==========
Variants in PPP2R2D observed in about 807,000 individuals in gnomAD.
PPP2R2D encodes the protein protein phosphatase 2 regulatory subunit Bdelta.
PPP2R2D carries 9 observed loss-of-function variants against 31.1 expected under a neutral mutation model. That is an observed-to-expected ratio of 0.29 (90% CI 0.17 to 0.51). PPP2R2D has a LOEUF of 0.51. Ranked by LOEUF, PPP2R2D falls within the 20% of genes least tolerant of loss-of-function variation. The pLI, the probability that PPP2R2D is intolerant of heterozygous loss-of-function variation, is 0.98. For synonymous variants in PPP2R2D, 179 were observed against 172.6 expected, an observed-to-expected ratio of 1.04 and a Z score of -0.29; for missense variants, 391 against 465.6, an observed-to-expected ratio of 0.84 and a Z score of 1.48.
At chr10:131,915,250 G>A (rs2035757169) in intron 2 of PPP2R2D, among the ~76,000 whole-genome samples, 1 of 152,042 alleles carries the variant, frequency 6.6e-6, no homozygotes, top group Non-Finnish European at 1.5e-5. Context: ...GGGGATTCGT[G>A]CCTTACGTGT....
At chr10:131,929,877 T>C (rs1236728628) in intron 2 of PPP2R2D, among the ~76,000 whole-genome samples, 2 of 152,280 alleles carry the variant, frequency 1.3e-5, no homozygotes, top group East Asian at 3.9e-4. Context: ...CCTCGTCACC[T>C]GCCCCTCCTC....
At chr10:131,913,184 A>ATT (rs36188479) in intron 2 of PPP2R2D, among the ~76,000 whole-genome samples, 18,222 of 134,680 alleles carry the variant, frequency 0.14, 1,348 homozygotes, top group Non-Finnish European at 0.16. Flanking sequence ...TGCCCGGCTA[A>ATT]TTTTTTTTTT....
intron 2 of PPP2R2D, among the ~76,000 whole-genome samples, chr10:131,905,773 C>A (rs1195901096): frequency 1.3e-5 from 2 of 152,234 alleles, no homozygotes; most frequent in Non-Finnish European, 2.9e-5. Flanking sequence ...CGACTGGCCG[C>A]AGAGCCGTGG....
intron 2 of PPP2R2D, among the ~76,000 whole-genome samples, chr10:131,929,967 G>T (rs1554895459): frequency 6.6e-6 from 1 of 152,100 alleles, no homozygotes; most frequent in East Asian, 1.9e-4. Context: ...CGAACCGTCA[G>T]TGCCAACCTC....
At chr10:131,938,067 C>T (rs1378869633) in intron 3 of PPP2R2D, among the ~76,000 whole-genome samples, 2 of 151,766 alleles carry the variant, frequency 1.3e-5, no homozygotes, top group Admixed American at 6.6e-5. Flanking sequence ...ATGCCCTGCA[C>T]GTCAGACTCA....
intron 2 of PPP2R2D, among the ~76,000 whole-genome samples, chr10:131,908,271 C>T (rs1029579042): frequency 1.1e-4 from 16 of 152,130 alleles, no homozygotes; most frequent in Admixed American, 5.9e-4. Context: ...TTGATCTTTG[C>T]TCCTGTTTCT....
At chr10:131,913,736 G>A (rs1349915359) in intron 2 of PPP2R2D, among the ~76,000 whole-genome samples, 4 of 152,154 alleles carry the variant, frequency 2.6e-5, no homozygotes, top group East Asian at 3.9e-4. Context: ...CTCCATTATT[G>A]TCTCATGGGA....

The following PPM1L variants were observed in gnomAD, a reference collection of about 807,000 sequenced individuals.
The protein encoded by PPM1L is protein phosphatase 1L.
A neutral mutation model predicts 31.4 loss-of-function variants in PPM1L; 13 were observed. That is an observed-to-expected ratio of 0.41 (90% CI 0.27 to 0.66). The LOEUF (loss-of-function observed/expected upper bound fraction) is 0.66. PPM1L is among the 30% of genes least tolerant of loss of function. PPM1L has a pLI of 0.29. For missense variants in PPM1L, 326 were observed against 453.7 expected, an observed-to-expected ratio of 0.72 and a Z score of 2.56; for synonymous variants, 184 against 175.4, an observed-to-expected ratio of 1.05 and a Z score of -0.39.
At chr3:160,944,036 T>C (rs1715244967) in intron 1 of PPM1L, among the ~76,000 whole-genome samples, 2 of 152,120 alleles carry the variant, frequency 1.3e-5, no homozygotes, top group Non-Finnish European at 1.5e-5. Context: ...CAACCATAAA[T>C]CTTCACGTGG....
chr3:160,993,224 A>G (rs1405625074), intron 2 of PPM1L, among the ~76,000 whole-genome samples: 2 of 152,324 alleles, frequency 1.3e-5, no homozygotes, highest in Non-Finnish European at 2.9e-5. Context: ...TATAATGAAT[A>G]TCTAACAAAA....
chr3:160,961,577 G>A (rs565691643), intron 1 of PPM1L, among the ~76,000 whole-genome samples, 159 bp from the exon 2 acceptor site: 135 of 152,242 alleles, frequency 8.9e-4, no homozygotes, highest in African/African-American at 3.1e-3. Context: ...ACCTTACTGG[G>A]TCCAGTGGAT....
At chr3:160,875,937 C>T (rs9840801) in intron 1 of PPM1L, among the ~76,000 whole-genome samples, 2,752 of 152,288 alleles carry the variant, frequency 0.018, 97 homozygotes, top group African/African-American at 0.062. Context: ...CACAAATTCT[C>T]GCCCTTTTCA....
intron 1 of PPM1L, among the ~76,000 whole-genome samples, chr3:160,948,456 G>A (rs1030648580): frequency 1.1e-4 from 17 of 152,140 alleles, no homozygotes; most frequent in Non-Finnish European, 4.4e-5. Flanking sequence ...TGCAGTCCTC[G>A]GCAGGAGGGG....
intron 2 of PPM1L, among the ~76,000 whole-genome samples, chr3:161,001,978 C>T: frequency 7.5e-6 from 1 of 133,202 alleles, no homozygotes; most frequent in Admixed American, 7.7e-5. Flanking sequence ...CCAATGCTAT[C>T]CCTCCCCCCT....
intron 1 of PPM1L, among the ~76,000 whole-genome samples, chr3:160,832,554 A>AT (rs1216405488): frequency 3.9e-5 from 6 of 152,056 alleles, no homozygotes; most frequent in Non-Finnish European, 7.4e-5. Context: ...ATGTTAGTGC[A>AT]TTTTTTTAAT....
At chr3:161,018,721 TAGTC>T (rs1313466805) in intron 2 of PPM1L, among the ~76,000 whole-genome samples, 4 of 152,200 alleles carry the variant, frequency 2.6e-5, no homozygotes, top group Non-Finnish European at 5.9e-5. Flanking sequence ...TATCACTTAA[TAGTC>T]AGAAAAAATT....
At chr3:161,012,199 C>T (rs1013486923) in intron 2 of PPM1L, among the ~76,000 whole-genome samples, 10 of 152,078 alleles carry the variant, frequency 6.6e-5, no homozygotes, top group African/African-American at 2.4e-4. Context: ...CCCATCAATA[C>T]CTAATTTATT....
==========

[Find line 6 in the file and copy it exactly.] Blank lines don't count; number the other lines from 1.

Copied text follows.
At chr10:131,913,184 A>ATT (rs36188479) in intron 2 of PPP2R2D, among the ~76,000 whole-genome samples, 18,222 of 134,680 alleles carry the variant, frequency 0.14, 1,348 homozygotes, top group Non-Finnish European at 0.16. Flanking sequence ...TGCCCGGCTA[A>ATT]TTTTTTTTTT....